A4 [00:13] 6.5.png Phyllis King - Hair Grips (Phyllis King) Poetry
A5 [01:15] 6.6.png Ivor Cutler - I Believe In Bugs (Ivor Cutler) Avant-Garde
A6 [03:13] 10.0.png Ivor Cutler - Fremsley (Ivor Cutler) Storytelling
A7 [01:01] 6.2.png Ivor Cutler - Goozeberries And Bilberries (Ivor Cutler) Avant-Garde
A8 [00:15] 5.6.png Phyllis King - Time (Phyllis King) Poetry
A9 [02:27] 6.2.png Ivor Cutler - I’m Walking To A Farm (Ivor Cutler) Avant-Garde
A10 [01:19] 6.3.png Ivor Cutler - The Railway Sleepers (Ivor Cutler) Poetry
A11 [02:54] 9.2.png Ivor Cutler - Life In A Scotch Sitting Room, Vol. 2, Ep. 1 (Ivor Cutler) Storytelling
A12 [00:42] 7.4.png Ivor Cutler - Three Sisters (Ivor Cutler) Storytelling
A13 [02:07] 6.7.png Ivor Cutler - Baby Sits (Ivor Cutler) Avant-Garde
A14 [00:07] 5.3.png Phyllis King - Not Big Enough (Phyllis King) Poetry
A15 [01:35] 6.4.png Ivor Cutler - A Barrel Of Nails (Ivor Cutler) Avant-Garde
B1 [00:10] 6.5.png Phyllis King - Men (Phyllis King) Poetry
B2 [01:35] 6.8.png Ivor Cutler - Trouble Trouble (Ivor Cutler) Avant-Garde
B3 [00:09] 5.4.png Phyllis King - I Love You (Phyllis King) Poetry
B4 [00:31] 5.8.png Ivor Cutler - Vein Girl (Ivor Cutler) Avant-Garde
B5 [00:43] 6.0.png Ivor Cutler - Five Wise Saws (Ivor Cutler) Poetry
B6 [03:08] 9.1.png Ivor Cutler - Life In A Scotch Sitting Room (Ivor Cutler) Storytelling
B7 [00:58] 6.2.png Ivor Cutler - The Painful League (Ivor Cutler) Storytelling
B8 [01:17] 6.2.png Ivor Cutler - Piano Tuner Song 2000 AD (Ivor Cutler) Avant-Garde
B9 [00:22] 7.3.png Ivor Cutler - Self Knowledge (Ivor Cutler) Poetry
B10 [01:11] 6.5.png Ivor Cutler - An Old Oak Tree (Ivor Cutler) Avant-Garde
B11 [02:15] 7.7.png Ivor Cutler - The Aimless Dawnrunner (Ivor Cutler) Storytelling
B12 [03:20] 6.4.png Ivor Cutler - Face Like A Lemon (Ivor Cutler) Avant-Garde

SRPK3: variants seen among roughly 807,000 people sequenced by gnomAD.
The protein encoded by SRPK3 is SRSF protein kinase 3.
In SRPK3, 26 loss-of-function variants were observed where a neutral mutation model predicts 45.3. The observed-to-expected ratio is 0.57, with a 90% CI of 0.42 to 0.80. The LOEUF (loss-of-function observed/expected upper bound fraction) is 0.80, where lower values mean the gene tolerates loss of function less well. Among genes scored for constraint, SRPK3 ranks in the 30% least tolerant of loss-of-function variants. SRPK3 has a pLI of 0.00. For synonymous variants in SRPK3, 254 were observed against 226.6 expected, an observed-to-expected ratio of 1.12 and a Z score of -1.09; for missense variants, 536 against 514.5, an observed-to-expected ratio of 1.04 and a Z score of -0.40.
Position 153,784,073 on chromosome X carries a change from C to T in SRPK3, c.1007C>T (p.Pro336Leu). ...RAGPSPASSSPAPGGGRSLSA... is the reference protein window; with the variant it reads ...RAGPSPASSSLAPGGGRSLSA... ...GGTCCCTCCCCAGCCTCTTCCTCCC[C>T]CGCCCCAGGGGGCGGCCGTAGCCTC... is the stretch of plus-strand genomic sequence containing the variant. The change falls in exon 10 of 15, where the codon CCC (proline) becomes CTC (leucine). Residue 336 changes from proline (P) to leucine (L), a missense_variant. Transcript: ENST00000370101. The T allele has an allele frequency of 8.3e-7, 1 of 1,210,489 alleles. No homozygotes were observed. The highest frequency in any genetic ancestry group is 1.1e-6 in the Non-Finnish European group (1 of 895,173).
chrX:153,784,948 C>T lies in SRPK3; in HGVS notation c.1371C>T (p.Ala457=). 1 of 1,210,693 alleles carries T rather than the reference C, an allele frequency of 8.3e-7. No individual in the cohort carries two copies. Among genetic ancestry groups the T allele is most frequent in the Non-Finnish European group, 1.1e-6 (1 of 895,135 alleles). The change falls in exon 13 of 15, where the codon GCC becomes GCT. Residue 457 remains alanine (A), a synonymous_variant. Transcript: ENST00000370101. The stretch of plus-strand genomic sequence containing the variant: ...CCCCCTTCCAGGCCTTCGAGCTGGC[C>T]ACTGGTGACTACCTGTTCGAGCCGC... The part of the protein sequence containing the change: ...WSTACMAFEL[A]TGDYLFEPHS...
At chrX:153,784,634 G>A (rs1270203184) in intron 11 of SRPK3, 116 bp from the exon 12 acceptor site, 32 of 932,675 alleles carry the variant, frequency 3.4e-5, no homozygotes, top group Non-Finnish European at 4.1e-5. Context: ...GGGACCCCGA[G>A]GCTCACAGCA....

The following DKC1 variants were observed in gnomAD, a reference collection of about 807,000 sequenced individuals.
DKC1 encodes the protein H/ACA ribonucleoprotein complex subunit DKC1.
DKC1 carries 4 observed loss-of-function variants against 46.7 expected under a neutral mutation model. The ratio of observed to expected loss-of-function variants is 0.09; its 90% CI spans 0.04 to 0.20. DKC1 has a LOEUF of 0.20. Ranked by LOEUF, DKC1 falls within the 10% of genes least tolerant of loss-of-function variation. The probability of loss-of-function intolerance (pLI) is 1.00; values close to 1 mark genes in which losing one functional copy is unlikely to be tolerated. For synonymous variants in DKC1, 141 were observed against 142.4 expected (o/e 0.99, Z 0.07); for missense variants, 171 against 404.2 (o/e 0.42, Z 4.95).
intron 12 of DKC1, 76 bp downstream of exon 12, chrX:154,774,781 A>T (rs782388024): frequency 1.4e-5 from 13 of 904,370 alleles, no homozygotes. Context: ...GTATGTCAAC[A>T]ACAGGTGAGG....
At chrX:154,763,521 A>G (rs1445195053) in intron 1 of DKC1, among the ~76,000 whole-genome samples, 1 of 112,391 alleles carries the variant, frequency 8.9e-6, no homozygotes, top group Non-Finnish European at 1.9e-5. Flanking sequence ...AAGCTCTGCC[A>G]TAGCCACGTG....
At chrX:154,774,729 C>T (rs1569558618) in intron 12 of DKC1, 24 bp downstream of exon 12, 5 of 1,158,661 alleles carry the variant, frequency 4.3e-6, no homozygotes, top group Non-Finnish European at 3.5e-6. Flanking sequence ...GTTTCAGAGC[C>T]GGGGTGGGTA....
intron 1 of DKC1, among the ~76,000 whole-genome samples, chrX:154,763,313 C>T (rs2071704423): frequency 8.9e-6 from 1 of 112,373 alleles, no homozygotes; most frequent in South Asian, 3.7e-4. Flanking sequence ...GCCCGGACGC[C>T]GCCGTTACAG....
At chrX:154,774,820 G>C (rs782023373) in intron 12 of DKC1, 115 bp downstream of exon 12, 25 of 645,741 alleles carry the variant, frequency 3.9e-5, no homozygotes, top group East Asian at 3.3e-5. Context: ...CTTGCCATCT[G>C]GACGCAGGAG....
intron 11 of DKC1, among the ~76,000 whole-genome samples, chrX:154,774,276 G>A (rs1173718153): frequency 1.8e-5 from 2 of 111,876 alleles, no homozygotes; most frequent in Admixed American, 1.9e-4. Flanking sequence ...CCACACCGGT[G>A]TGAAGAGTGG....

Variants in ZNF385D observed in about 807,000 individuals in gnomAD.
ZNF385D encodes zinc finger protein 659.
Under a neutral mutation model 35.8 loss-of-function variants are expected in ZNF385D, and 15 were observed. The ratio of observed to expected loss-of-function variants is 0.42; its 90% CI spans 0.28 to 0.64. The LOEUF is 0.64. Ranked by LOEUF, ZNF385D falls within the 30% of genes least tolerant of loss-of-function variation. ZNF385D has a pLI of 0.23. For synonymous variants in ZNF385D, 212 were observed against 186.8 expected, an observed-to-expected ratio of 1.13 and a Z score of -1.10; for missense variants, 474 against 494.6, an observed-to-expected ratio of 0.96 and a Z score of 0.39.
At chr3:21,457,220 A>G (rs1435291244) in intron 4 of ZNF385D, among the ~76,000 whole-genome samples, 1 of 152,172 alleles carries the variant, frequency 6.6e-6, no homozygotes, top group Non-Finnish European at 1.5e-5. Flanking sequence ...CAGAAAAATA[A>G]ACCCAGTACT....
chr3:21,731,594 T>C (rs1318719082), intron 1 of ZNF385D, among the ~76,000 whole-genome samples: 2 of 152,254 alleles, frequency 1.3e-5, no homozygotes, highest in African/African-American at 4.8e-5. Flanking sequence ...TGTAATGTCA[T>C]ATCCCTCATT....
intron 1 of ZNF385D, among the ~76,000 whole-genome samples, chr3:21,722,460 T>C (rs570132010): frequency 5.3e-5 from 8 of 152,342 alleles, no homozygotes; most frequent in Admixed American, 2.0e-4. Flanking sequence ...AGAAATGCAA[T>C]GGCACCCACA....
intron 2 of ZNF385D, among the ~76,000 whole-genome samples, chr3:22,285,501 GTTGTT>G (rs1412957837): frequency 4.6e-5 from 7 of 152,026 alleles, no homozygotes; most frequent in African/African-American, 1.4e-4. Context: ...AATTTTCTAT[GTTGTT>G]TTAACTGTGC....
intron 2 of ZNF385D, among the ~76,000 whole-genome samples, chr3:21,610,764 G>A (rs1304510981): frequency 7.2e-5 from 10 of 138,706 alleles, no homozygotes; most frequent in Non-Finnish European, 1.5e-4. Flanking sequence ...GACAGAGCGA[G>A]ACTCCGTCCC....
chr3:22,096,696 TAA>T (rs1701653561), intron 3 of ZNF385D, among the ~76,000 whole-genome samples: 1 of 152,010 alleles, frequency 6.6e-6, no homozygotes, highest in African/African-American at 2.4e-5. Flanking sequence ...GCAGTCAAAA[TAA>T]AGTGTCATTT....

B13 [00:34] 5.7.png Phyllis King - A Bird (Phyllis King) Poetry
B14 [01:26] 6.2.png Ivor Cutler - A Hole In My Toe (Ivor Cutler) Avant-Garde
B15 [00:19] 5.7.png Ivor Cutler - My Mother Has Two Red Lips (Ivor Cutler) Poetry
B16 [00:28] 6.5.png Ivor Cutler - I Like Sitting (Ivor Cutler) Poetry
B17 [00:28] 6.8.png Ivor Cutler - The Forgetful Fowl (Ivor Cutler) Storytelling
B18 [00:08] 6.0.png Ivor Cutler - If Everybody (Ivor Cutler) Poetry
B19 [00:43] 8.2.png Ivor Cutler - For Sixpence (Ivor Cutler) Poetry
B20 [00:21] 7.6.png Ivor Cutler - I Used To Lie In Bed (Ivor Cutler) Poetry
B21 [00:31] 7.7.png Ivor Cutler - If All The Cornflakes (Ivor Cutler) Poetry
B22 [00:27] 8.0.png Ivor Cutler - My Sock (Ivor Cutler) Poetry
B23 [00:13] 6.2.png Ivor Cutler - When I Entered (Ivor Cutler) Poetry
B24 [00:15] 8.7.png Ivor Cutler - Two Balls (Ivor Cutler) Poetry
B25 [00:42] 5.5.png Ivor Cutler - Miss Velvetlips (Ivor Cutler) Storytelling
B26 [00:32] 5.8.png Ivor Cutler - Lean (Ivor Cutler) Poetry
B27 [00:35] 5.9.png Ivor Cutler - Fur Coats (Ivor Cutler) Poetry
B28 [00:44] 7.3.png Ivor Cutler - The Darkness (Ivor Cutler) Poetry
B29 [00:19] 6.9.png Ivor Cutler - A Beautiful Woman (Ivor Cutler) Poetry
B30 [00:19] 5.4.png Phyllis King - Making Tidy (Ivor Cutler) Poetry